February 2, 2005
St. Paul, Minn. — (AP) - Republican Rod Grams is pondering a political comeback with a possible challenge to Democratic Sen. Mark Dayton, who knocked him out of office in 2000.
Grams, 56, said he's going to take the next six weeks to two months to decide whether to enter the 2006 U.S. Senate race. He said he's already had a couple dozen people encourage him to take that step.
"I want to see if this pool of support is wide and if it's deep," he told The Associated Press in a telephone interview Tuesday evening.
Grams, who owns three radio stations in central Minnesota and has been working for a Washington consulting firm, said he wants to add a voice to several issues in Congress. Among them, he supports an overhaul of the Social Security program, along the lines of one President Bush has proposed.
Dayton used the Social Security issue against Grams in the 2000 campaign, saying Grams' plan to partially privatize Social Security would threaten the retirement system.
"I was probably a little ahead of my time," Grams said Tuesday.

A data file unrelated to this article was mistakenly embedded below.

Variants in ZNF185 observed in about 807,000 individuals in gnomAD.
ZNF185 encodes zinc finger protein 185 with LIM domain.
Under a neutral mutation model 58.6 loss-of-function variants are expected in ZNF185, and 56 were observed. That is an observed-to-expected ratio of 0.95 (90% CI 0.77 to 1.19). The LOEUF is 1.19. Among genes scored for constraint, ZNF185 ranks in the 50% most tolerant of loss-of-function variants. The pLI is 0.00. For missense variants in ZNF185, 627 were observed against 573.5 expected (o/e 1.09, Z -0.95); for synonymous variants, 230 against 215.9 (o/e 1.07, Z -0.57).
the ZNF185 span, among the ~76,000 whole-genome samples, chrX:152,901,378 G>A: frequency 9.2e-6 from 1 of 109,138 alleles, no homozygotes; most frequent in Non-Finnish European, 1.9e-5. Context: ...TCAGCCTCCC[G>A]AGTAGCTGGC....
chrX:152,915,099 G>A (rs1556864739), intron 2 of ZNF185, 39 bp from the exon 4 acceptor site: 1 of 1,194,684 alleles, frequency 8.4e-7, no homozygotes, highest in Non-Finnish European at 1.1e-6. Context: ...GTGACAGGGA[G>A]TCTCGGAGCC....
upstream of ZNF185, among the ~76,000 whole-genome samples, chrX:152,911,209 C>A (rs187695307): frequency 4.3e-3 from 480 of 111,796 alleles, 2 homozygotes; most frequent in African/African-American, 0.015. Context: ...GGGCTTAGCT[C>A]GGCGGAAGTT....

Grams also mentioned balancing the budget and Medicare reform as top issues he would like to address.
Grams, a former television news anchor in the Twin Cities, was elected to the U.S. House in 1992. He was then elected to the U.S. Senate in 1994 and served as a steadfast conservative voice until he lost to Dayton in 2000.
Dayton, a department store heir, spent $12 million of his own money on the 2000 race, but has said he can't afford to self-fund in 2006.
Other possible challengers to Dayton include Republican Rep. Gil Gutknecht and Republican Rep. Mark Kennedy. Neither have officially declared their candidacy.
(Copyright 2005 by The Associated Press. All Rights Reserved.)